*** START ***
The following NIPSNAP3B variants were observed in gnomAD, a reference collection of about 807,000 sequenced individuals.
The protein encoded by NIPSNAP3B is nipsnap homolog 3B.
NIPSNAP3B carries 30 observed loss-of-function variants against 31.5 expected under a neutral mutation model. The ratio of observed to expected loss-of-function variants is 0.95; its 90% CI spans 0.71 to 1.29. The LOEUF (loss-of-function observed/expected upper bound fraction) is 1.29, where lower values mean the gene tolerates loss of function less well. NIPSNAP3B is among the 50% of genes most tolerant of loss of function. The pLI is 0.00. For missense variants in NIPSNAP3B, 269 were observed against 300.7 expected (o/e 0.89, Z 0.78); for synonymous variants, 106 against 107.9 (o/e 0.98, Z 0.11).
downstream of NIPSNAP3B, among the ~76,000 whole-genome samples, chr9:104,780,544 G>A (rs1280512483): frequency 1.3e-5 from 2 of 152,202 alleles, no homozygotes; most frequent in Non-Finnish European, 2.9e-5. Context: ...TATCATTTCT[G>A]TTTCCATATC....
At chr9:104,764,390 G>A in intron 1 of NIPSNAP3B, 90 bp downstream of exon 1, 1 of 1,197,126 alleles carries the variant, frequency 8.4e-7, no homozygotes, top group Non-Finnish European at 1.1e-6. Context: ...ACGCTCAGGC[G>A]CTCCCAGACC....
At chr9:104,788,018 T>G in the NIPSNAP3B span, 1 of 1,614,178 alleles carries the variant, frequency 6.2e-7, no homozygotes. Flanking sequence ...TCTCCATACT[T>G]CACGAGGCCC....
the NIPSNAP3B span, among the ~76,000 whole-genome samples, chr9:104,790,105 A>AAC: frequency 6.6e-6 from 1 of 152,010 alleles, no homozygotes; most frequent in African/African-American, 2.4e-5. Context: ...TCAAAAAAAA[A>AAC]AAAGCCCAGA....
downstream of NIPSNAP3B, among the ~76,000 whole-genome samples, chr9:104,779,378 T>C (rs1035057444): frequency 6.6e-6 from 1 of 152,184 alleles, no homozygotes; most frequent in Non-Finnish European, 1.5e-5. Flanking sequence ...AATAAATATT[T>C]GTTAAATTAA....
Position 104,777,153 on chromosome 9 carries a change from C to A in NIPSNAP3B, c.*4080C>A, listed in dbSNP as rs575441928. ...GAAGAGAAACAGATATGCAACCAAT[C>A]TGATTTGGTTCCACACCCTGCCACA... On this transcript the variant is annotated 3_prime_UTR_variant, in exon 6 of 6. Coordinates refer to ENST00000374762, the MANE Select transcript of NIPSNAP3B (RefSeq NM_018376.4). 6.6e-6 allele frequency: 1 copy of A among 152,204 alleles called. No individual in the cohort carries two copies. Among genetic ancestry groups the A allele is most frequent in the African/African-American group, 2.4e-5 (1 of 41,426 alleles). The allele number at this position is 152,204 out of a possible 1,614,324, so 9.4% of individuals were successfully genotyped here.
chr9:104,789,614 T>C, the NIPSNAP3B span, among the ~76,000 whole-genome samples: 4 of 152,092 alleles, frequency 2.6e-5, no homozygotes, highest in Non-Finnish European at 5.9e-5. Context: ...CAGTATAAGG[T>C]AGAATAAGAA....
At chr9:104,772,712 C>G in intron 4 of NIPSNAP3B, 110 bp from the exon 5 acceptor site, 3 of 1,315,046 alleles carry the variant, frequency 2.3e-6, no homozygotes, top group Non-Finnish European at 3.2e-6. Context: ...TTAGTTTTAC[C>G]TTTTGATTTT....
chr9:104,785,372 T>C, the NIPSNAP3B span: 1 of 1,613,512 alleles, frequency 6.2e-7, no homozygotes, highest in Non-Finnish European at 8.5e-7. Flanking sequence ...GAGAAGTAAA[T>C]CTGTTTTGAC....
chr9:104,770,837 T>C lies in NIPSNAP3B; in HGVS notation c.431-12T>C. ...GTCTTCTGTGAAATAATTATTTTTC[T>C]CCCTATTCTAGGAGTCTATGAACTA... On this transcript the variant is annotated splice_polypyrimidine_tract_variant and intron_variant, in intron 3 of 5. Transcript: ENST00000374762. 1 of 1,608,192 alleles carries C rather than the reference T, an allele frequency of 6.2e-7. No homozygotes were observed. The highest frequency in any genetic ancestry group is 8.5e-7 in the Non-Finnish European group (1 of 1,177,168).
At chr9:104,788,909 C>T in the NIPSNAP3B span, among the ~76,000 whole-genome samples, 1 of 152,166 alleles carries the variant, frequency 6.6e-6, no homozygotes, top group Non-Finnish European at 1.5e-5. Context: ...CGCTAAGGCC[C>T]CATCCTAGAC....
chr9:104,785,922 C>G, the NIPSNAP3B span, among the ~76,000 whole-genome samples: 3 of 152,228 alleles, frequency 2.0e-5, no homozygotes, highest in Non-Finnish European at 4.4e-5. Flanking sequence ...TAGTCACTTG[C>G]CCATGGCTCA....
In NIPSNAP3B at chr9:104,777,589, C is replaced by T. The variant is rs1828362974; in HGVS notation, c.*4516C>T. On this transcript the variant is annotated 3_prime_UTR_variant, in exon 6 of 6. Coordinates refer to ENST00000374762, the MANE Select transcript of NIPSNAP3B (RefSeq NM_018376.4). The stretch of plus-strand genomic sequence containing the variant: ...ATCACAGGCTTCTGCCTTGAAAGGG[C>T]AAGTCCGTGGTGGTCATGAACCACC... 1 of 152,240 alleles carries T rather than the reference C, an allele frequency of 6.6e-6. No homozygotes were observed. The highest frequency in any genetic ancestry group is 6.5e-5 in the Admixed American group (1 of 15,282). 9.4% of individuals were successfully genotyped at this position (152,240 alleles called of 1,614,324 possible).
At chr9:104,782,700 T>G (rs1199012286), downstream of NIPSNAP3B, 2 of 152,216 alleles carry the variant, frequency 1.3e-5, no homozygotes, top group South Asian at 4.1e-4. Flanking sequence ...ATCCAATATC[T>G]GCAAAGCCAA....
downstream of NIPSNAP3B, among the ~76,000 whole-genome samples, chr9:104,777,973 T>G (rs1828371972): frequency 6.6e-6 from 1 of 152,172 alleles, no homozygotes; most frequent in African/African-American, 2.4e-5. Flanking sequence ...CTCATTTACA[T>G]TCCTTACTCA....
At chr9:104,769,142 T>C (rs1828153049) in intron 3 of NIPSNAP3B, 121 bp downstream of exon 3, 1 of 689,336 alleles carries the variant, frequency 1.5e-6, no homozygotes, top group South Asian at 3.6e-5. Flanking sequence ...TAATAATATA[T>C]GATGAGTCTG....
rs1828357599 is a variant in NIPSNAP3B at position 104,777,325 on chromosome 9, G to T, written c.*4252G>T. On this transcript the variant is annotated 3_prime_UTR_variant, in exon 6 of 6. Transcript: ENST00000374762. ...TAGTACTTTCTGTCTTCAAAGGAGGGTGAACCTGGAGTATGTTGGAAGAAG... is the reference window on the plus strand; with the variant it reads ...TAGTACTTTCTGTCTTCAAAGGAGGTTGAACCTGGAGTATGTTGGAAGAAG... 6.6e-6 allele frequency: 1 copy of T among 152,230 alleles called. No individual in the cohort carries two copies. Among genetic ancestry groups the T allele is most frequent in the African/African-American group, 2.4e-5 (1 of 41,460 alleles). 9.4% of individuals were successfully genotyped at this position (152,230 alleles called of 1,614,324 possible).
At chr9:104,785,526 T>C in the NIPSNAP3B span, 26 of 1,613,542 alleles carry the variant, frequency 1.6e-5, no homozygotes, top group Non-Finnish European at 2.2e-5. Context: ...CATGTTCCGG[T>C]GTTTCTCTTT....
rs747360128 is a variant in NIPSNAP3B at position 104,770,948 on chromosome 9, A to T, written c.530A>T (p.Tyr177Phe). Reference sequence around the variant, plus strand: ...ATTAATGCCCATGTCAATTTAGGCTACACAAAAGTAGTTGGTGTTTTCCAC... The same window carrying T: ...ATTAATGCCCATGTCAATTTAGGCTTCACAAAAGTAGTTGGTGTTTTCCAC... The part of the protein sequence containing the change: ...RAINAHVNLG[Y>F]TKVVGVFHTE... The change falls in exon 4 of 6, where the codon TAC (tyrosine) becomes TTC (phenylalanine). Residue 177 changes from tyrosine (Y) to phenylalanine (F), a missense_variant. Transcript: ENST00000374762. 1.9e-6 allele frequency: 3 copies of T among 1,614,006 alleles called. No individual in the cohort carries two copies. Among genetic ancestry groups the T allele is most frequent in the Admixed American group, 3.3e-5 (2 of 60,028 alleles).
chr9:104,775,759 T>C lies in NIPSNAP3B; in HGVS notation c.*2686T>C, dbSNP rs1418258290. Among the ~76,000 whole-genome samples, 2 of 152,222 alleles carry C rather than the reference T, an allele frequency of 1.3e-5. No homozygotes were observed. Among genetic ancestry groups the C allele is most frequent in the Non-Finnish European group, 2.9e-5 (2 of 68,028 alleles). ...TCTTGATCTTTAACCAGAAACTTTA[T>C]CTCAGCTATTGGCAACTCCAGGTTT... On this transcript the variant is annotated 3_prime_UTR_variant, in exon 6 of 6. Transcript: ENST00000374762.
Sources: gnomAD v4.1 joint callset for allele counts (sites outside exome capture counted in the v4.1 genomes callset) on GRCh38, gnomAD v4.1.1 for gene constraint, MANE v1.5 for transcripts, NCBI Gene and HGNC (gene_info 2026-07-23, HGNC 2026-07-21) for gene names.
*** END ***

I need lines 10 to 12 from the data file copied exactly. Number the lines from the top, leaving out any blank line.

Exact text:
chr9:104,789,614 T>C, the NIPSNAP3B span, among the ~76,000 whole-genome samples: 4 of 152,092 alleles, frequency 2.6e-5, no homozygotes, highest in Non-Finnish European at 5.9e-5. Context: ...CAGTATAAGG[T>C]AGAATAAGAA....
At chr9:104,772,712 C>G in intron 4 of NIPSNAP3B, 110 bp from the exon 5 acceptor site, 3 of 1,315,046 alleles carry the variant, frequency 2.3e-6, no homozygotes, top group Non-Finnish European at 3.2e-6. Context: ...TTAGTTTTAC[C>G]TTTTGATTTT....
chr9:104,785,372 T>C, the NIPSNAP3B span: 1 of 1,613,512 alleles, frequency 6.2e-7, no homozygotes, highest in Non-Finnish European at 8.5e-7. Flanking sequence ...GAGAAGTAAA[T>C]CTGTTTTGAC....